“With 68 percent of Americans currently using Facebook, it has become the nation’s de facto digital public square, at least in part because the country’s political leaders lacked the civic imagination to insist on a public alternative. With their tacit approval, Facebook built a giant garden for its users, walled off from the open internet. And then, taking advantage of its popularity, Facebook started copying and replacing older public forms of civic engagement with new ones that only live inside its platform.”
There is nothing new about this, and in some respects it predates technology. In 2003 I bestowed a New England Muzzle Award (then hosted by The Boston Phoenix, now by WGBH News) upon a mall in the almost-New England suburbs of Albany, New York, for calling police and having a man arrested because he was wearing an antiwar T-shirt. Shopping centers have essentially become the new village square, except that they’re geared toward commerce rather than civic life. In 2017, I awarded Muzzles to YouTube (owned by Google) for suppressing a pro-Israel video by Harvard Law School professor Alan Dershowitz and to Instagram (owned by Facebook) for deleting a photo of a nude painting posted by the Museum of Fine Arts. Technology companies have become so powerful that they need to take their First Amendment responsibilities seriously.
But the platforms are not common carriers like telephone companies, which are obligated to carry any calls and data that come their way. Nor are they the internet itself, although there’s plenty of reason to be concerned about the possibility of censorship now that President Trump’s FCC has done away with net neutrality. The solution, if there is one, is to draw people away from Facebook and toward an idea animated by something other than the profit motive. “If Americans truly want a digital public forum centered on the needs of the citizenry,” writes Sifry, “it has to be built and maintained the same way they’ve built and maintained America’s national parks — as public goods open to all.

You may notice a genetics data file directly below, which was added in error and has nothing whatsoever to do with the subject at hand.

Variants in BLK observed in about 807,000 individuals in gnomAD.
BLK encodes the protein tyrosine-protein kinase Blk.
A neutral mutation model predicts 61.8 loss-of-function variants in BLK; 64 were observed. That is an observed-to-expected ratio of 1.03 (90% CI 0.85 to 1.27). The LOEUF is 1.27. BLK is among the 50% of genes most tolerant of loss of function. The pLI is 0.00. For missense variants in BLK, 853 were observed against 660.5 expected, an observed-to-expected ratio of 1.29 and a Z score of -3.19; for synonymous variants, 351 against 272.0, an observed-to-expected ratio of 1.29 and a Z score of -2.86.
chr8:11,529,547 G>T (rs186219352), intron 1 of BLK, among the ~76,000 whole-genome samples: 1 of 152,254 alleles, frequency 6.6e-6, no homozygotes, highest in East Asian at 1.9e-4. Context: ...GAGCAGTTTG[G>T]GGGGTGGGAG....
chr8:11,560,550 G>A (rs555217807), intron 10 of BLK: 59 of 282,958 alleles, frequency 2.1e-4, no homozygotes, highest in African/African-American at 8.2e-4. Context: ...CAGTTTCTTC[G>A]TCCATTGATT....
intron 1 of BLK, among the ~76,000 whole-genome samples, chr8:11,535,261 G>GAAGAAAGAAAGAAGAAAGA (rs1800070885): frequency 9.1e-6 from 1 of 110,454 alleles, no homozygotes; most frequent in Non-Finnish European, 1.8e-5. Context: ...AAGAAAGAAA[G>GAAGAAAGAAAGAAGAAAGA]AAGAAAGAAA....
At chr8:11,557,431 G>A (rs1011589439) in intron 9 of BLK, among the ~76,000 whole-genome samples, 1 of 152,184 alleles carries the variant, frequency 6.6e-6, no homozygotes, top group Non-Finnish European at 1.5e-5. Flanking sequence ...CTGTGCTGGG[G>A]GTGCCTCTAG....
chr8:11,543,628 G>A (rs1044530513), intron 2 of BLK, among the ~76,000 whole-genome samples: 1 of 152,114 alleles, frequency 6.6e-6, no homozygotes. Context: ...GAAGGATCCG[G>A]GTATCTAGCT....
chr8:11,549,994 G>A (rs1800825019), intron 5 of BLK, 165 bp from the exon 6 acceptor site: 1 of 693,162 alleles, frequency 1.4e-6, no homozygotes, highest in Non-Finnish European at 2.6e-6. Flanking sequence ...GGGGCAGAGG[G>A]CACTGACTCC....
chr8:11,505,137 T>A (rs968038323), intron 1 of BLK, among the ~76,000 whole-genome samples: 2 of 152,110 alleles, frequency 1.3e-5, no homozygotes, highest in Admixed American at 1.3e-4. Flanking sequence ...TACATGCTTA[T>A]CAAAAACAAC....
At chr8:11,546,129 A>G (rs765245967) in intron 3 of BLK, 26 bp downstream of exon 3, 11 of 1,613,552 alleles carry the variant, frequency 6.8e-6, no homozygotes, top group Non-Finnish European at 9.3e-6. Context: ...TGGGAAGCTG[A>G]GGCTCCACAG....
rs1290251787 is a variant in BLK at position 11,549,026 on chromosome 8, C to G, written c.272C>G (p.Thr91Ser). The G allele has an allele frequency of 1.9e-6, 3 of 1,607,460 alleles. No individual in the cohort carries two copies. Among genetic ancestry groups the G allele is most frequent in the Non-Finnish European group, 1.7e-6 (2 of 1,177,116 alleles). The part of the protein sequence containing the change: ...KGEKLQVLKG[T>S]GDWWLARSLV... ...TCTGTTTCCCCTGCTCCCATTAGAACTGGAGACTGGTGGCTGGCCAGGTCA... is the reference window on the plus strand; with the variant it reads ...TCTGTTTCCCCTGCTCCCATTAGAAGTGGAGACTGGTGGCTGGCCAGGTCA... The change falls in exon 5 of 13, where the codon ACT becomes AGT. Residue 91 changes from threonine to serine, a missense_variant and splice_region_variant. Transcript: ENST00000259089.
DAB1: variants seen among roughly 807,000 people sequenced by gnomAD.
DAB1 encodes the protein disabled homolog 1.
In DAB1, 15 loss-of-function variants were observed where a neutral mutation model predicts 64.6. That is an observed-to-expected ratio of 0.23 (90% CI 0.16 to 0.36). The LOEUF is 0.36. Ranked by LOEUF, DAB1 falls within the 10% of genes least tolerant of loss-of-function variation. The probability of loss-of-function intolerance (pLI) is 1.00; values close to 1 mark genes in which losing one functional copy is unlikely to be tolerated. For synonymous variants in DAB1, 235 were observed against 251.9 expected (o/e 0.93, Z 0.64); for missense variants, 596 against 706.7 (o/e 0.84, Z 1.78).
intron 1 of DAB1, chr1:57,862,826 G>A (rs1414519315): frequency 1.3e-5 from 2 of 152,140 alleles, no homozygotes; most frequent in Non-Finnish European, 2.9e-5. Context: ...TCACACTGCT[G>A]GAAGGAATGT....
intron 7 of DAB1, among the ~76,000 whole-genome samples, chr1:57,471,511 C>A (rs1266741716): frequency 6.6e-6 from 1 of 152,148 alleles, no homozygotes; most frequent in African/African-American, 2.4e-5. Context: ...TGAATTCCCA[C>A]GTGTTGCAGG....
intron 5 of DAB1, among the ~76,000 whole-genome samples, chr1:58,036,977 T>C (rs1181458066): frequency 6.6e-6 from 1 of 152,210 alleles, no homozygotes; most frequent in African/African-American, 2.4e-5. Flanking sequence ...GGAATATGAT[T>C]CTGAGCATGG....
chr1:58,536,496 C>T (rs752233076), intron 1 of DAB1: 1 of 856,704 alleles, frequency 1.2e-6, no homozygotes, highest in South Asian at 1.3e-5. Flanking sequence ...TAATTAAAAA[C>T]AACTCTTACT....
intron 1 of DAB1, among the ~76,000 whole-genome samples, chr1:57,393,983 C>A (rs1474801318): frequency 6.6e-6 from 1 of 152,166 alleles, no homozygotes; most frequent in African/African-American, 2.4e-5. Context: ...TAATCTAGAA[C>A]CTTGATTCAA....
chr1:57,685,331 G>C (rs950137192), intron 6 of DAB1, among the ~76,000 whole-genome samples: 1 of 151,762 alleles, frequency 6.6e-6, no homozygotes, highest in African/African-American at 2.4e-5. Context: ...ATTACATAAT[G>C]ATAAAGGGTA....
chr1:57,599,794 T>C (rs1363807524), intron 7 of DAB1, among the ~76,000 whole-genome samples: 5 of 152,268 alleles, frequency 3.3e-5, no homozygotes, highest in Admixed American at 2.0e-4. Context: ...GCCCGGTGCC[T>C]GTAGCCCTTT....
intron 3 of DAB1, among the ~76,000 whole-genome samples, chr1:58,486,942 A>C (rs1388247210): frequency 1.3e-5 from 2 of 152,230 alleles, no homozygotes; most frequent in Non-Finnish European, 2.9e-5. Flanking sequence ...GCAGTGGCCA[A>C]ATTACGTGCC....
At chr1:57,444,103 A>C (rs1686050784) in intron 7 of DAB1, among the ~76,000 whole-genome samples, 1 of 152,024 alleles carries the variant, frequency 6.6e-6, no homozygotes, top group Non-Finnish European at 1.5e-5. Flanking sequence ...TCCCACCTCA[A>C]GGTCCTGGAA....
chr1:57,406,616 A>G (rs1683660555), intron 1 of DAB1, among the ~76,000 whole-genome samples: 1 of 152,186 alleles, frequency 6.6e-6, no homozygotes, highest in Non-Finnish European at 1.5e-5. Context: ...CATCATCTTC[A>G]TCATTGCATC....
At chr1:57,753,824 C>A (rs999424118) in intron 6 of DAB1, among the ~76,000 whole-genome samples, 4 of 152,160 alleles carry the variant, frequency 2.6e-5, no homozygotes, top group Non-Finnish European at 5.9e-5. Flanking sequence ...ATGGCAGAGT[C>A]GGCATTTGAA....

Which brings me back to Alex Jones. In theory, his freedom to speak and to publish are intact. In reality, he can’t gain access to the platforms he needs to get his message out. Jones, of course, must be held accountable for the Sandy Hook families who’ve had to go into hiding because of his vicious lies, and for promoting crazy conspiracy theories like the Pizzagate child-sex ring tied to Hillary Clinton, which prompted a deranged individual to show up and start shooting.
The semi-censorship to which Jones has been subjected — quieted, but not silenced — may seem like a small price to pay in order to stop him from harassing innocent people and putting their lives in danger. Given the media environment as it currently exists, the platforms did the right thing by taking away his megaphone. But their actions only underscore what we have lost by granting custody of our free-speech rights to private entities beyond our control. Next time it might be someone who’s far less malevolent than Jones.
We really need to ask ourselves whether we want that accountability to come in the form of giant corporations silencing him simply because it’s good for business. I would not tell Mark Zuckerberg how to run his company, although even he has suggested that he would not be averse to some common-sense regulations. Like Sifry, though, I believe the time has come to try to revive the idea of the internet as a truly public space rather than the private playground of tech billionaires.
WGBH News contributor Dan Kennedy is the author of “The Return of the Moguls: How Jeff Bezos and John Henry Are Remaking Newspapers for the Twenty-First Century.”